Oh, a little traffic up there power power to the, to the camera power. Power over ethernet. However you want to look at it fundamentally today, if you’re running a CAT5E you’re running the power on two 24 gauge wires at that at 900 feet that has the total resistance of 11.5 homes, which we do the math. I showed you down below with a 48 volt power supply. We get about 32 volts to the camera. And that 32 volts of the camera then is both for the heating element and the IP camera. Again, our cameras have a heating element for the people who live up North. So now you have basically 32 volts go into the camera with the 16 gauge wire at a thousand feet, you can go through the math again. You can see, we now get 41 bolts up to the IP camera.

Carl (10:57):

So fundamentally the heating element to get a higher, even at 2000 feet was 16 gauge wire. You have 36 volts at the IP camera, just to let everybody know if you ever wanted to run it a mile. If somebody strong enough to pull 12 gauge wire, you can literally pull 12 gauge wire 5,000 feet. And your chamber voltage is still exceeds the the power over. Even at cap five, our system today, our enclosure today does not support the 12 gauge 5,000 feet. I want everybody to know, We are limited to 2000 feet, but I just wanted to give you guys an idea of the, basically the electronics behind it for the power.

Carl (11:41):

Okay. This is the SMARTMOUNT2025 kit. As you can see if you ever looked at this compared to the SMARTMOUNT kit, the only thing, our difference is that is the inclusion. No, the two media converters, this one goes at the, in the app, the traffic cabinet, this one here goes at the bottom of the pole was you can see the difference in mounting hardware. Also is very important to know you have to, or the cable separately. So this the SMARTMOUNT2025, when you order it, it does not include the fiber table. But again, if you look at a SMARTMOUNT kit, is it VPM has replaced with a media converter at a junction box at the bottom of the pole is replaced with a media converter. Everything else within the system remains the same, including the cables that go from the processor to the media converter and from the camera to the media converter, same technology, same, same stuff.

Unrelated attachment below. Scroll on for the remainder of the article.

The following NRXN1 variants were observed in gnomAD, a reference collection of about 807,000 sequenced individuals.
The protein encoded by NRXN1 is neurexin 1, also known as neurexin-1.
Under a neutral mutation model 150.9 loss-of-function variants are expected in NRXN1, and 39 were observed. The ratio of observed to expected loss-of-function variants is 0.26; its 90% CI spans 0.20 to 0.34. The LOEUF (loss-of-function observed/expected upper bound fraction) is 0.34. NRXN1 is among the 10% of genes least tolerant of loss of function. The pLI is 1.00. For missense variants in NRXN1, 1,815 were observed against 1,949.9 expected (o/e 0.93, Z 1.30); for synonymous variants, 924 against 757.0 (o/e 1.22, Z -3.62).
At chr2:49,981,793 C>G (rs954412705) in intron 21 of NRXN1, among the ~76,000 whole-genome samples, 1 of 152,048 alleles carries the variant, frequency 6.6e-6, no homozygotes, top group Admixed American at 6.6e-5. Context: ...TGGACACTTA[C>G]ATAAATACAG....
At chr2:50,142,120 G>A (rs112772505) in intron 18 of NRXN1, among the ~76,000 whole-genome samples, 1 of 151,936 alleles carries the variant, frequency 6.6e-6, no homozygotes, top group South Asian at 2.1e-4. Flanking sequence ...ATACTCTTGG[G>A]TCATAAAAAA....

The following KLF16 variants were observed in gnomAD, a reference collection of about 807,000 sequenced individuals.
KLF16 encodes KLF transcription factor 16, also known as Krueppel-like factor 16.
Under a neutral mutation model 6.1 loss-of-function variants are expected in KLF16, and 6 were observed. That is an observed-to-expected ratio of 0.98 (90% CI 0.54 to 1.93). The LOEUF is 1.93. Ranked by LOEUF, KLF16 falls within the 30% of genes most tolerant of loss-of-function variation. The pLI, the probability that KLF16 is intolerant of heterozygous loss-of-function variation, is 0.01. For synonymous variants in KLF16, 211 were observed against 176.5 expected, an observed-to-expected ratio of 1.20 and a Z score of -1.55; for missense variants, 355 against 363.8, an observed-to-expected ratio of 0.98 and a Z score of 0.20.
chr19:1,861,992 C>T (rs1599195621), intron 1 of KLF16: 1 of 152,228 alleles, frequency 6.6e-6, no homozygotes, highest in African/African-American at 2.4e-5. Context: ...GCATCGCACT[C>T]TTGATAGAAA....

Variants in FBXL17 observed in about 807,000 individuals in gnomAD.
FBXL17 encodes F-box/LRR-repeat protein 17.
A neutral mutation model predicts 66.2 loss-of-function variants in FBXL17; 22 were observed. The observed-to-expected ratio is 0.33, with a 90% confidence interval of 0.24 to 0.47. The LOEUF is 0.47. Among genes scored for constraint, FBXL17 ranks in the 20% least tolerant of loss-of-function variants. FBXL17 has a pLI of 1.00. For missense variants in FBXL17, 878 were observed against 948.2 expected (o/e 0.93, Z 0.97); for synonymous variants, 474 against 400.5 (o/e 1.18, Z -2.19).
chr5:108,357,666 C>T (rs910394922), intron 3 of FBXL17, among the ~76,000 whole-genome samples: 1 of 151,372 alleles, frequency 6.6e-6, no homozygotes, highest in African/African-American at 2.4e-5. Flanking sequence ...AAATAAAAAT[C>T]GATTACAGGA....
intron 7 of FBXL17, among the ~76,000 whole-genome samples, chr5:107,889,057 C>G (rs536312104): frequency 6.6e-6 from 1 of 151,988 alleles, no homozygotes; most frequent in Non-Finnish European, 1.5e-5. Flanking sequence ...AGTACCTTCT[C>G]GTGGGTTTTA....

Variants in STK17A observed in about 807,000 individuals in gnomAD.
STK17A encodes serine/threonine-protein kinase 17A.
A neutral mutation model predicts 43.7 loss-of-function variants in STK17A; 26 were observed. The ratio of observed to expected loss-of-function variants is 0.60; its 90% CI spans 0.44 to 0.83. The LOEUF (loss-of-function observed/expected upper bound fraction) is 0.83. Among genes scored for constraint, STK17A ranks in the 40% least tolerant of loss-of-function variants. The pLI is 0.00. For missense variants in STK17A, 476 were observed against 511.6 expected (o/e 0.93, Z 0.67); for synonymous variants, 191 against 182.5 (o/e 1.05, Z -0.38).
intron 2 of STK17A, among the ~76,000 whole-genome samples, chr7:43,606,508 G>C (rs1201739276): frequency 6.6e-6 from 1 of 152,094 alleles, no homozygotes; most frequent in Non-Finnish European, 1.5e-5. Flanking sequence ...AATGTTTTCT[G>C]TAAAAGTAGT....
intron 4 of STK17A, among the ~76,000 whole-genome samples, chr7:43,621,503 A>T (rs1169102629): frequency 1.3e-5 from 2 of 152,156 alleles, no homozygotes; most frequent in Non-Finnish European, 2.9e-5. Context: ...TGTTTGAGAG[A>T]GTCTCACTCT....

Carl (12:37):

Now, one of the things that we did or we realized early on in the fiber program was termination. So one of the things that we did, we worked with AFL and we’ll go through that a little bit more, but what we did was develop a tool kit or a cane, the case, believe it or not is functions both as a case to carry the tools, as you can see, and it functions as a, as a workspace that can be either used up about the track we’re down at the cabinets. And what’s really nice about this. As you can see right here, this is the Cleaver that is from AFL and is permanently mounted. And then what you do is on each side you have clamps that you put the fiber cable through. So you’re now able to connect the fiber cable, then have your hands free. Both hands are literally free to actually do the termination and all the tools that you need to do. The termination are here in the back end. And when you’re done, you fold it up and you carry it like a briefcase. So again, our FastCONNECTED tool kit, I it’s carrying case also opens up port functions as a working surface.